LORAIN, Ohio - A woman paralyzed in a boat crash along a Lorain breakwall is among those calling for enhancements to nighttime visibility after another crash killed two people there last week.
Boaters contend the detached breakwall in Lorain Harbor can be practically invisible on dark nights.
Neither federal organization tasked with breakwall -- or breakwater -- safety has pledged to make any changes where the crash occurred, with the U.S. Army Corps of Engineers and U.S. Coast Guard each indicating the other is responsible.
The crash, which occurred after the Lorain fireworks display on July 4th, killed Timothy Moore, 54, and Penny Nickeson, 49.
For Dianna Lawson, 61, of Berea, it stirred up bad memories.
"I was devastated. I was sad. I was angry," she said. "It just breaks my heart that that happened. It didn't have to happen."
Lawson was left quadriplegic after a similar nighttime crash in the same place in 1990. She spent four months in the hospital and was paralyzed for life. She uses a wheelchair.
"I was devastated for three years. I didn't care if I lived or died. I cried and cried for three years," she said. "All the simple little things in life that people take for granted, I can't do anymore."
Lawson said she thinks something must be done to improve the breakwall's visibility, suggesting additional lighting or fluorescent paint.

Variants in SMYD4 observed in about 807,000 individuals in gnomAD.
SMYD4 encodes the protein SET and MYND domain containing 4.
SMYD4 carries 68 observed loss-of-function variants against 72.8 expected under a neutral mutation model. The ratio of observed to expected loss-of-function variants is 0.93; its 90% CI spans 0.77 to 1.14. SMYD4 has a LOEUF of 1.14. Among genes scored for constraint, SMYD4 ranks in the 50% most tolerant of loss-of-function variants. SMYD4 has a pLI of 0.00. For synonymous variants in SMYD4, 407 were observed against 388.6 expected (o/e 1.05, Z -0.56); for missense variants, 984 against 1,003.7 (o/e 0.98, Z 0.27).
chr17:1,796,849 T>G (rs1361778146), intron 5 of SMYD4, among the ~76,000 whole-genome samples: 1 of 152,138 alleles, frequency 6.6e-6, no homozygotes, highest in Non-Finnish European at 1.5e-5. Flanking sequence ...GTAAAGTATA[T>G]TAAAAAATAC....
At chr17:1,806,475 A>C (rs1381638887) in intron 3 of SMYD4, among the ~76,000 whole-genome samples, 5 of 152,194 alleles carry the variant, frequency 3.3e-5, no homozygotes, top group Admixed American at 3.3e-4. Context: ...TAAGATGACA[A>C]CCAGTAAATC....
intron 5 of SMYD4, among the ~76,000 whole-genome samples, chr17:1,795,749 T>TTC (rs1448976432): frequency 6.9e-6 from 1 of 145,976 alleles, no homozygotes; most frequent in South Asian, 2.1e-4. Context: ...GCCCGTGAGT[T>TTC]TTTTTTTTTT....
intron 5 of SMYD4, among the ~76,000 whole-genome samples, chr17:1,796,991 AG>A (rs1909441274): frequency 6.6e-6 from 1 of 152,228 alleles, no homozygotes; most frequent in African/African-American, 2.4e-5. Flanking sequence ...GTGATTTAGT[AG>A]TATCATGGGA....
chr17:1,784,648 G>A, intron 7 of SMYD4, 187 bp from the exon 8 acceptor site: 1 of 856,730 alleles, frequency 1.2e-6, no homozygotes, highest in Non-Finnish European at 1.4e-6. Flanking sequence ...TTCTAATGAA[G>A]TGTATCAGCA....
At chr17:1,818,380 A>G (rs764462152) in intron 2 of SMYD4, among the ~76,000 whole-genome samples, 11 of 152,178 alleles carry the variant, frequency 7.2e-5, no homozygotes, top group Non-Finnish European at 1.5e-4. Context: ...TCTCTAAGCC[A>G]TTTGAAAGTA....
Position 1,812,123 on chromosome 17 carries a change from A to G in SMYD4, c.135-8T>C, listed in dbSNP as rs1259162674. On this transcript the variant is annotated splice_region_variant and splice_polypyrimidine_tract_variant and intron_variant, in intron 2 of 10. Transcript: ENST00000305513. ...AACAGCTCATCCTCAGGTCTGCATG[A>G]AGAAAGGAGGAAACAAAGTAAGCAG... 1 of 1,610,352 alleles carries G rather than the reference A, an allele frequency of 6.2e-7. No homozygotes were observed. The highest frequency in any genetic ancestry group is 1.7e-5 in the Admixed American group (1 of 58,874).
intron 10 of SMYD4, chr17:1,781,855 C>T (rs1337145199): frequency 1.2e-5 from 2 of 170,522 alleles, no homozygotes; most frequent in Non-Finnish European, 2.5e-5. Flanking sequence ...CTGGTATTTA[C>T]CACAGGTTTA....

Her husband, Dave, said he was looking for the breakwall in the moments leading up to the crash.
"I was looking for an invisible breakwall," he said. "It's ridiculous they haven't done something. How many people have to be killed and maimed before something is done?"
Chief Bobby Nash, with U.S. Coast Guard District 9, said the agency is responsible for maintaining navigation lights in the area and all are within standards. He said an Aids to Navigation Team checked the lights -- including three on the breakwall -- after the crash, and all were working properly.
He said additional lighting and markings are the responsibility of the Lorain Port Authority and U.S. Army Crops of Engineers.
Michael Izard-Carroll, Public Affairs Specialist with the U.S. Army Corps of Engineers, Buffalo District, said lighting of navigation structures "is the responsibility of the U.S. Coast Guard, where applicable."
In response to questions from FOX 8 News about whether the Army Corps is considering lighting or structural changes to improve visibility other than navigation lights, Izard-Carroll said in a statement that any changes to the breakwater would involve close coordination between both organizations.
"We are open to having this type of discussion should the U.S. Coast Guard wish to pursue it," he said in the statement, adding that the Army Corps would work with the Coast Guard regarding specific needs the Coast Guard has.
"We have no specific plans at this time to alter the breakwater and have not heard from the USCG with respect to the Lorain breakwater in particular," Izard-Carroll said in the statement.
He said the Army Corps encourages active boater safety and extra care at night, including the use of navigation systems.
Lorain Port Authority Director Tom Brown said his agency has been flooded with calls suggesting improvements, but the breakwall is an Army Corps structure.
Dianna Lawson said if nothing changes, she fears boaters' lives will continue to be at risk.
"If that break wall was lit, I would not be be sitting here like this," she said.